NEW SOIL MEASUREMENT COULD BOOST PRODUCTION, CONSERVATION
November 23, 2015
Auburn University’s new Soil Quality Index (SQI), developed by agronomy professor Charles Mitchell and other researchers, could help the state’s farmers increase production and conserve natural resources.
“What’s your SQI?” Researchers at Auburn University are hoping this soon will become a common question among the state’s farmers.
Charles Mitchell, a professor in the College of Agriculture Crop, Soil and Environmental Sciences Department and an Alabama Extension agronomist, explained that the Alabama Soil Quality Index, or SQI—the first of its kind in the South—is a new measurement of soil health that should help Alabama farmers improve production and conserve natural resources.
“For 60 or 70 years now, we’ve been throwing fertilizer and lime on the soil, trying to help farmers get by on some pretty darn poor soils,” Mitchell said. “We thought we needed to do something to change that, so we came up with the Alabama Soil Quality Index.”
A previous survey of central Alabama cotton fields revealed that organic matter in the state’s soils was almost nonexistent.
“In other parts of the world, our soils wouldn’t even be considered soils; they’d be considered simply ‘dirt,’” Mitchell said. “By definition, soil must have organic matter.”
The survey—conducted in 2001—indicated that 55 percent of fields had soil organic matter of less than 0.4 percent, and 67 percent of the fields surveyed had a hardpan within a few inches of the surface, even though farmers were doing in-row subsoiling. At the time, 85 percent of the producers were not using a cover crop, which exposed the bare soil to erosion for six months during the year. On the other hand, most growers were soil testing and then liming and fertilizing based on the results of those tests.
“The ‘Old Rotation’ (circa 1896) experimental field on the Auburn University campus has shown that soils with less than 2 percent of organic matter don’t have a high yield potential,” Mitchell said. And while the Old Rotation has been the impetus behind the development of the SQI, soil samples were taken from 300 other locations throughout the state to help form a basis for the index.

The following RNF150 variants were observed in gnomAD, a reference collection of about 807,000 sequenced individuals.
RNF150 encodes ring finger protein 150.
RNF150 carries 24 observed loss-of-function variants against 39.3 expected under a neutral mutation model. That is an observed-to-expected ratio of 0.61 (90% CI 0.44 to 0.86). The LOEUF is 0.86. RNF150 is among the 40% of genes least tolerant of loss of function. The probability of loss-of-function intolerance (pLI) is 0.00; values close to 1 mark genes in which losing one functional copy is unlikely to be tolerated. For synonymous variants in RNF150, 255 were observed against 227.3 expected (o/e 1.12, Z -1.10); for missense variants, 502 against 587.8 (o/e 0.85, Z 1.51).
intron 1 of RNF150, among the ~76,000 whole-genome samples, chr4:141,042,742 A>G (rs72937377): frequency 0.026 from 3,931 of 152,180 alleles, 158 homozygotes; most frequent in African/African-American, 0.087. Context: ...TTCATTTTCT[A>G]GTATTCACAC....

“We feel confident the index reflects the quality and the health of the soil being tested,” Mitchell said. “This also would be useful for soils in Georgia and Mississippi, but not in the Midwest. All of the information we’re getting now about soil quality is coming out of the Midwest, and that’s a different world from what we have in Alabama.
“Some states have already done this, including Cornell University, but our index is unique to the South, and it’s less expensive to run than others.”
The SQI was developed with the following objectives: 1) make producers aware of soil quality/soil health; 2) suggest ways of improving soil quality/soil health; 3) use existing, low-cost, soil test methodologies; 4) use existing, routine, composite soil samples from producers; and 5) provide information in a simple, easy-to-understand manner. Also, best management practices will be recommended to help producers improve their SQI value.
The SQI tests for soil group, soil pH, phosphorus and potassium rating, base saturation, soil organic matter, nitrogen mineralized, soil respiration, aggregate stability and metals.
“We wanted to have specific recommendations for users of the index, so we linked the SQI to Natural Resources Conservation Service best management practices,” Mitchell said. “If you have low organic matter, we’ll recommend a practice like no-till or cover crops to help build organic matter.”
The SQI score is based on a scale of 0 to 100, and each category is color-coded. A total SQI of 80-plus is green and indicates a high soil quality, with a recommendation to maintain current practices. Fifty to 80 is yellow and indicates moderate soil quality. Growers who fall in this range are advised to continue current practices but to consider implementing more best management practices. Less than 50 is red, indicating poor soil quality, with a recommendation to implement one or more of the best management practices.
“We want our soils to be healthy enough to grow row crops, fruits and vegetables and forages,” Mitchell said. “This index can be reviewed every few years to ensure that your soils are improving.”
Taking a sample for a SQI is no different from taking a routine soil sample for nutrient management, Mitchell said.
“Considering the cost of the sample, you can’t afford to take it from every 10 acres of land,” he said. “Select a field you want to evaluate, and take a sample from that field—from any small part of the field or from the entire field. Be sure to take a composite sample. When submitting it, ask specifically for the SQI test. It will take a little longer to complete than routine soil samples. While fall is the best time of the year to take a sample, you can take it anytime.”
The cost of the index is $50. For more information, contact Mitchell at 334-844-5489 or email@example.com, or go to the Auburn University Soil Testing Laboratory website at http://www.aces.edu/anr/soillab/.